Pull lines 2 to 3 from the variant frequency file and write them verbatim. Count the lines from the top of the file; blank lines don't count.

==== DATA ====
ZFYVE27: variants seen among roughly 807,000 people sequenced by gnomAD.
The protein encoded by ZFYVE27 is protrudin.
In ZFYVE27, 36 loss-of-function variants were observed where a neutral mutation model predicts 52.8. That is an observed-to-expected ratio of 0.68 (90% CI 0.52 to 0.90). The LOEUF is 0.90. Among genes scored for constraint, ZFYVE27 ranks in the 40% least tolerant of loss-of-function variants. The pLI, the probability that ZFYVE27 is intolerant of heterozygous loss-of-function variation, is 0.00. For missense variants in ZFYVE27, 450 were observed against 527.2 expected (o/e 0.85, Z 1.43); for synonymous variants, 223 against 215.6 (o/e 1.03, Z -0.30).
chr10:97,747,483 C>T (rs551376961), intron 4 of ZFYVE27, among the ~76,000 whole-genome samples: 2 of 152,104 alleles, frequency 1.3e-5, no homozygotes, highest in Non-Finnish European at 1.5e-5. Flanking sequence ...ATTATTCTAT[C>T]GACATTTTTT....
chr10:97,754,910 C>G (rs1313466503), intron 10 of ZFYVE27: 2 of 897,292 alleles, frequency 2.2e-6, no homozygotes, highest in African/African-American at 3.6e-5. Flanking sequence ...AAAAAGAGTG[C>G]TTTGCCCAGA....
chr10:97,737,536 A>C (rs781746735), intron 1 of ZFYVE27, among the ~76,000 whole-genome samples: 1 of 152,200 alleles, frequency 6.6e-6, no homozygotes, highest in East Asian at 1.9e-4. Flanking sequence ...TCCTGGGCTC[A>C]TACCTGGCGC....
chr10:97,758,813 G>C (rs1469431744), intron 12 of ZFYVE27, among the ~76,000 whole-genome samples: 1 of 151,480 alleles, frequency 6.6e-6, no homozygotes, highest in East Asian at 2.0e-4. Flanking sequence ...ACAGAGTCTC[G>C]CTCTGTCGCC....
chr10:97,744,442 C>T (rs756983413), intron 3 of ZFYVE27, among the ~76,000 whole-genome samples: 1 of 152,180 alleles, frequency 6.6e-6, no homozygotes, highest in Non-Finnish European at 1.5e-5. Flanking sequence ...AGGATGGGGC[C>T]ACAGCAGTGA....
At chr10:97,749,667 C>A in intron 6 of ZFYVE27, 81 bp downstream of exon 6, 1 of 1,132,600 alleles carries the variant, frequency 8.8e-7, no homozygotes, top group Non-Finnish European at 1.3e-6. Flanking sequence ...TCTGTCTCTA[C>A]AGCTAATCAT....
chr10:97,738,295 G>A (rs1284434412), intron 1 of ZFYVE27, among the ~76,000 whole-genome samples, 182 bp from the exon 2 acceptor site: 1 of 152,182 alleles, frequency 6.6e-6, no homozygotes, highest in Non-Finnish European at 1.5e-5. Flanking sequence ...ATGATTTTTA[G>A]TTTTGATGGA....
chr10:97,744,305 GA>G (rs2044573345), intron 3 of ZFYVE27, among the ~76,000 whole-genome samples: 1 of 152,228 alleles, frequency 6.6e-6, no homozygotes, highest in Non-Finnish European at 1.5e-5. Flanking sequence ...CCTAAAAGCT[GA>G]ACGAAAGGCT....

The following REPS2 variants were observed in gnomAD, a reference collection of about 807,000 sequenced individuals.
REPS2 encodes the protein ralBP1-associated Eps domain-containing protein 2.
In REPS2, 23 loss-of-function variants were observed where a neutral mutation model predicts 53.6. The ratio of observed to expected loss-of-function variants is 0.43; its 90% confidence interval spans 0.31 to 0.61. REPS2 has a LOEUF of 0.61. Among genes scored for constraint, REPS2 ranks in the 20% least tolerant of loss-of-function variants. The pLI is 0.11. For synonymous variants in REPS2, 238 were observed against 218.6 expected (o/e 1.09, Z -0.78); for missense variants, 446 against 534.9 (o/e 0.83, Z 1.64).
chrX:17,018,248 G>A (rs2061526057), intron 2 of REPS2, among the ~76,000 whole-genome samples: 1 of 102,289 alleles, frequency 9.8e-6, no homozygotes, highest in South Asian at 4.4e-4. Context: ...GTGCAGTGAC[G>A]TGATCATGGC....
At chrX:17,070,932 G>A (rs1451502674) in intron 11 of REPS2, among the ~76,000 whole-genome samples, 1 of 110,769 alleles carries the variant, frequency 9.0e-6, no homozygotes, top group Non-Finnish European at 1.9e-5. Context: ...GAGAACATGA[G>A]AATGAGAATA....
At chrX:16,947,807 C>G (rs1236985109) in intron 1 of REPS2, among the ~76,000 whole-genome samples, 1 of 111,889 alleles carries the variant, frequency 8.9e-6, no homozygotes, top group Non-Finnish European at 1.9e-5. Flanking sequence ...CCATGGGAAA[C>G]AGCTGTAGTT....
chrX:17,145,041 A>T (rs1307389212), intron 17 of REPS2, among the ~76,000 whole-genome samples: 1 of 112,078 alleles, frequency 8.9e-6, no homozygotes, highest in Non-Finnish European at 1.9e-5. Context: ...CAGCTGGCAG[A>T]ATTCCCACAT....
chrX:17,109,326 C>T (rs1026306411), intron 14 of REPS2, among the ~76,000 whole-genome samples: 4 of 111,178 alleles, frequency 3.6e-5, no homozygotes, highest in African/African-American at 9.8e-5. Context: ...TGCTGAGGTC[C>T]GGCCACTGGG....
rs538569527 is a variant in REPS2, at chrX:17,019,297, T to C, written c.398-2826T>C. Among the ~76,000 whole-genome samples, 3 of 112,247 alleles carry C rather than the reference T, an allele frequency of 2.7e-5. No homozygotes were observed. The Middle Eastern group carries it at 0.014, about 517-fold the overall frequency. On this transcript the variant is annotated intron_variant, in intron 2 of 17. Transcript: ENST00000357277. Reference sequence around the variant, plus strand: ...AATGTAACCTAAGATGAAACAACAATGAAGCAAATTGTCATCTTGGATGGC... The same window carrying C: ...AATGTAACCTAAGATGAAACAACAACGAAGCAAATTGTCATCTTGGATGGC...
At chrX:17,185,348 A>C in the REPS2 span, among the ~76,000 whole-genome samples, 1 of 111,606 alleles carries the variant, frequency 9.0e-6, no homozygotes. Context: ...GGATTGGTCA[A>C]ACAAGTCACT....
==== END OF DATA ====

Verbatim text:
The protein encoded by ZFYVE27 is protrudin.
In ZFYVE27, 36 loss-of-function variants were observed where a neutral mutation model predicts 52.8. That is an observed-to-expected ratio of 0.68 (90% CI 0.52 to 0.90). The LOEUF is 0.90. Among genes scored for constraint, ZFYVE27 ranks in the 40% least tolerant of loss-of-function variants. The pLI, the probability that ZFYVE27 is intolerant of heterozygous loss-of-function variation, is 0.00. For missense variants in ZFYVE27, 450 were observed against 527.2 expected (o/e 0.85, Z 1.43); for synonymous variants, 223 against 215.6 (o/e 1.03, Z -0.30).